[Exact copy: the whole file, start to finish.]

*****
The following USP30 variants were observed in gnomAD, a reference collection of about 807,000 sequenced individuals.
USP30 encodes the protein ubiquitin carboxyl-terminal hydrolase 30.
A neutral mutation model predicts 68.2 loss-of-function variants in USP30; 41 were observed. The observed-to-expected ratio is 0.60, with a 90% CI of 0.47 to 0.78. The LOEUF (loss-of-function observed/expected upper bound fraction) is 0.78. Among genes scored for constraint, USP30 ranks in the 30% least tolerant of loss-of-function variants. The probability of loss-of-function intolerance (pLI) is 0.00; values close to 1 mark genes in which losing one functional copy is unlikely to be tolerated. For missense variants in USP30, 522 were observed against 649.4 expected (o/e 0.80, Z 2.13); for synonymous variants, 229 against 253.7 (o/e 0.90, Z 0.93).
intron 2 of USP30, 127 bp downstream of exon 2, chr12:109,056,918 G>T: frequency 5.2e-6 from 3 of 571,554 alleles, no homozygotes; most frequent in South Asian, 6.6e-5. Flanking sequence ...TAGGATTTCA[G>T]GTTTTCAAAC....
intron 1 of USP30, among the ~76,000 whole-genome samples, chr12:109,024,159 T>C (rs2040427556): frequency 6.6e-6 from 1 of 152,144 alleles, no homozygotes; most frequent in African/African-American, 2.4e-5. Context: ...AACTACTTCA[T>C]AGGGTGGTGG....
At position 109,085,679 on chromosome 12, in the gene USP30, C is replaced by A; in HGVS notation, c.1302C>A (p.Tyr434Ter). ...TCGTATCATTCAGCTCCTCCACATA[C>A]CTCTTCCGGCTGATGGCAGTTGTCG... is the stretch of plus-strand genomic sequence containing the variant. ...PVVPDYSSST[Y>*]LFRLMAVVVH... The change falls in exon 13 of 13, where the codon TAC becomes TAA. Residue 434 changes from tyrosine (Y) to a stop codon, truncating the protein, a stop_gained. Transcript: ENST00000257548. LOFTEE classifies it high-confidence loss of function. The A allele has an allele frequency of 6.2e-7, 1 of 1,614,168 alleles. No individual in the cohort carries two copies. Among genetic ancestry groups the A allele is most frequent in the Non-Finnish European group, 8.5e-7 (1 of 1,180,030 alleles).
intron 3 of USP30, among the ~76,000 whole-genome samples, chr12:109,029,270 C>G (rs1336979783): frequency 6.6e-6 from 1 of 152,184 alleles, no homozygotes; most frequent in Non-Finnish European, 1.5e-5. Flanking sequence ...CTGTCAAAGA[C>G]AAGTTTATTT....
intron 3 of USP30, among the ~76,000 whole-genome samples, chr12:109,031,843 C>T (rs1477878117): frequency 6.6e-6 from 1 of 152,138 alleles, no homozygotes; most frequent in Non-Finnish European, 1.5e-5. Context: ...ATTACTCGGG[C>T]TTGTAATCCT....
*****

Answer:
The following USP30 variants were observed in gnomAD, a reference collection of about 807,000 sequenced individuals.
USP30 encodes the protein ubiquitin carboxyl-terminal hydrolase 30.
A neutral mutation model predicts 68.2 loss-of-function variants in USP30; 41 were observed. The observed-to-expected ratio is 0.60, with a 90% CI of 0.47 to 0.78. The LOEUF (loss-of-function observed/expected upper bound fraction) is 0.78. Among genes scored for constraint, USP30 ranks in the 30% least tolerant of loss-of-function variants. The probability of loss-of-function intolerance (pLI) is 0.00; values close to 1 mark genes in which losing one functional copy is unlikely to be tolerated. For missense variants in USP30, 522 were observed against 649.4 expected (o/e 0.80, Z 2.13); for synonymous variants, 229 against 253.7 (o/e 0.90, Z 0.93).
intron 2 of USP30, 127 bp downstream of exon 2, chr12:109,056,918 G>T: frequency 5.2e-6 from 3 of 571,554 alleles, no homozygotes; most frequent in South Asian, 6.6e-5. Flanking sequence ...TAGGATTTCA[G>T]GTTTTCAAAC....
intron 1 of USP30, among the ~76,000 whole-genome samples, chr12:109,024,159 T>C (rs2040427556): frequency 6.6e-6 from 1 of 152,144 alleles, no homozygotes; most frequent in African/African-American, 2.4e-5. Context: ...AACTACTTCA[T>C]AGGGTGGTGG....
At position 109,085,679 on chromosome 12, in the gene USP30, C is replaced by A; in HGVS notation, c.1302C>A (p.Tyr434Ter). ...TCGTATCATTCAGCTCCTCCACATA[C>A]CTCTTCCGGCTGATGGCAGTTGTCG... is the stretch of plus-strand genomic sequence containing the variant. ...PVVPDYSSST[Y>*]LFRLMAVVVH... The change falls in exon 13 of 13, where the codon TAC becomes TAA. Residue 434 changes from tyrosine (Y) to a stop codon, truncating the protein, a stop_gained. Transcript: ENST00000257548. LOFTEE classifies it high-confidence loss of function. The A allele has an allele frequency of 6.2e-7, 1 of 1,614,168 alleles. No individual in the cohort carries two copies. Among genetic ancestry groups the A allele is most frequent in the Non-Finnish European group, 8.5e-7 (1 of 1,180,030 alleles).
intron 3 of USP30, among the ~76,000 whole-genome samples, chr12:109,029,270 C>G (rs1336979783): frequency 6.6e-6 from 1 of 152,184 alleles, no homozygotes; most frequent in Non-Finnish European, 1.5e-5. Flanking sequence ...CTGTCAAAGA[C>G]AAGTTTATTT....
intron 3 of USP30, among the ~76,000 whole-genome samples, chr12:109,031,843 C>T (rs1477878117): frequency 6.6e-6 from 1 of 152,138 alleles, no homozygotes; most frequent in Non-Finnish European, 1.5e-5. Context: ...ATTACTCGGG[C>T]TTGTAATCCT....